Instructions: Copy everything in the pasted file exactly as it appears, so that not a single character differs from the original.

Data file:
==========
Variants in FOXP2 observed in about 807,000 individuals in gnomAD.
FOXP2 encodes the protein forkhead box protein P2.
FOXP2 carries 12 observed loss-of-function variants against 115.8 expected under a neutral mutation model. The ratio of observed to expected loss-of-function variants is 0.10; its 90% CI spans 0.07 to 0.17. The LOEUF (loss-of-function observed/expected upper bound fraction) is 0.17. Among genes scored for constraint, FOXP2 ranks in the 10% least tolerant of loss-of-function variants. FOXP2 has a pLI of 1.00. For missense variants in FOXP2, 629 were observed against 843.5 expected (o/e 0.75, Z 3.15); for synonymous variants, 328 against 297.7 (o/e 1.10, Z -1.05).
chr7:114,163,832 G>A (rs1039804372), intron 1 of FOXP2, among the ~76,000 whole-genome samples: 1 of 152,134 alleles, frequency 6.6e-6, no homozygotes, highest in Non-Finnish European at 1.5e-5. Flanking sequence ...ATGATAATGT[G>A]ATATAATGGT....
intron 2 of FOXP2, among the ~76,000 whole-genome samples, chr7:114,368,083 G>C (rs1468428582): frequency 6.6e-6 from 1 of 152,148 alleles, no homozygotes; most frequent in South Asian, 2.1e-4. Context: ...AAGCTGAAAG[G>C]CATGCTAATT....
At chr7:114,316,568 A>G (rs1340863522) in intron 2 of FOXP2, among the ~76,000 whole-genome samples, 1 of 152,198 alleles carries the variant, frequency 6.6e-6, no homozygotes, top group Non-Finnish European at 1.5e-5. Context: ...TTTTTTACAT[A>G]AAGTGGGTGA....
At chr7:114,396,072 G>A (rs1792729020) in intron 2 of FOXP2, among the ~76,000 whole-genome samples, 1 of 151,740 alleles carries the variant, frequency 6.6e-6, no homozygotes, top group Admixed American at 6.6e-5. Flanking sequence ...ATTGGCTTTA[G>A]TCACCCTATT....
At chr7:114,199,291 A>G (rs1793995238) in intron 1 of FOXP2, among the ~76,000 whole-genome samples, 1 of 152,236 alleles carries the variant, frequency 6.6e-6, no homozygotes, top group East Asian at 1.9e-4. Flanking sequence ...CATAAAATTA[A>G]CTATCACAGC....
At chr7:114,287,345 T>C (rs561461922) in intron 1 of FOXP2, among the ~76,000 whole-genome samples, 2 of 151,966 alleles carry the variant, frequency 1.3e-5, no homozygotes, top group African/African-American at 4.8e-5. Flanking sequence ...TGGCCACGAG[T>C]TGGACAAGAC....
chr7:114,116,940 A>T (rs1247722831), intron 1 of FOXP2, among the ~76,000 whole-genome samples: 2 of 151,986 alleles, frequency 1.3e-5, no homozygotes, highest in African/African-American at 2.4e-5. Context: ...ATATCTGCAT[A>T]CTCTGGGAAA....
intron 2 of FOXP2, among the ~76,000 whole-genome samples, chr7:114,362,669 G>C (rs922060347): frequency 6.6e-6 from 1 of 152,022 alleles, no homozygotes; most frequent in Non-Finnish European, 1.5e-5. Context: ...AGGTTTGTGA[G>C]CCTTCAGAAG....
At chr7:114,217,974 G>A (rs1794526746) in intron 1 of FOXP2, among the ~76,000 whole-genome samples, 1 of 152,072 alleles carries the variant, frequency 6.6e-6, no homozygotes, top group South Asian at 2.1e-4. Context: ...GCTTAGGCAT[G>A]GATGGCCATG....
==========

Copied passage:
Variants in FOXP2 observed in about 807,000 individuals in gnomAD.
FOXP2 encodes the protein forkhead box protein P2.
FOXP2 carries 12 observed loss-of-function variants against 115.8 expected under a neutral mutation model. The ratio of observed to expected loss-of-function variants is 0.10; its 90% CI spans 0.07 to 0.17. The LOEUF (loss-of-function observed/expected upper bound fraction) is 0.17. Among genes scored for constraint, FOXP2 ranks in the 10% least tolerant of loss-of-function variants. FOXP2 has a pLI of 1.00. For missense variants in FOXP2, 629 were observed against 843.5 expected (o/e 0.75, Z 3.15); for synonymous variants, 328 against 297.7 (o/e 1.10, Z -1.05).
chr7:114,163,832 G>A (rs1039804372), intron 1 of FOXP2, among the ~76,000 whole-genome samples: 1 of 152,134 alleles, frequency 6.6e-6, no homozygotes, highest in Non-Finnish European at 1.5e-5. Flanking sequence ...ATGATAATGT[G>A]ATATAATGGT....
intron 2 of FOXP2, among the ~76,000 whole-genome samples, chr7:114,368,083 G>C (rs1468428582): frequency 6.6e-6 from 1 of 152,148 alleles, no homozygotes; most frequent in South Asian, 2.1e-4. Context: ...AAGCTGAAAG[G>C]CATGCTAATT....
At chr7:114,316,568 A>G (rs1340863522) in intron 2 of FOXP2, among the ~76,000 whole-genome samples, 1 of 152,198 alleles carries the variant, frequency 6.6e-6, no homozygotes, top group Non-Finnish European at 1.5e-5. Context: ...TTTTTTACAT[A>G]AAGTGGGTGA....
At chr7:114,396,072 G>A (rs1792729020) in intron 2 of FOXP2, among the ~76,000 whole-genome samples, 1 of 151,740 alleles carries the variant, frequency 6.6e-6, no homozygotes, top group Admixed American at 6.6e-5. Flanking sequence ...ATTGGCTTTA[G>A]TCACCCTATT....
At chr7:114,199,291 A>G (rs1793995238) in intron 1 of FOXP2, among the ~76,000 whole-genome samples, 1 of 152,236 alleles carries the variant, frequency 6.6e-6, no homozygotes, top group East Asian at 1.9e-4. Flanking sequence ...CATAAAATTA[A>G]CTATCACAGC....
At chr7:114,287,345 T>C (rs561461922) in intron 1 of FOXP2, among the ~76,000 whole-genome samples, 2 of 151,966 alleles carry the variant, frequency 1.3e-5, no homozygotes, top group African/African-American at 4.8e-5. Flanking sequence ...TGGCCACGAG[T>C]TGGACAAGAC....
chr7:114,116,940 A>T (rs1247722831), intron 1 of FOXP2, among the ~76,000 whole-genome samples: 2 of 151,986 alleles, frequency 1.3e-5, no homozygotes, highest in African/African-American at 2.4e-5. Context: ...ATATCTGCAT[A>T]CTCTGGGAAA....
intron 2 of FOXP2, among the ~76,000 whole-genome samples, chr7:114,362,669 G>C (rs922060347): frequency 6.6e-6 from 1 of 152,022 alleles, no homozygotes; most frequent in Non-Finnish European, 1.5e-5. Context: ...AGGTTTGTGA[G>C]CCTTCAGAAG....
At chr7:114,217,974 G>A (rs1794526746) in intron 1 of FOXP2, among the ~76,000 whole-genome samples, 1 of 152,072 alleles carries the variant, frequency 6.6e-6, no homozygotes, top group South Asian at 2.1e-4. Context: ...GCTTAGGCAT[G>A]GATGGCCATG....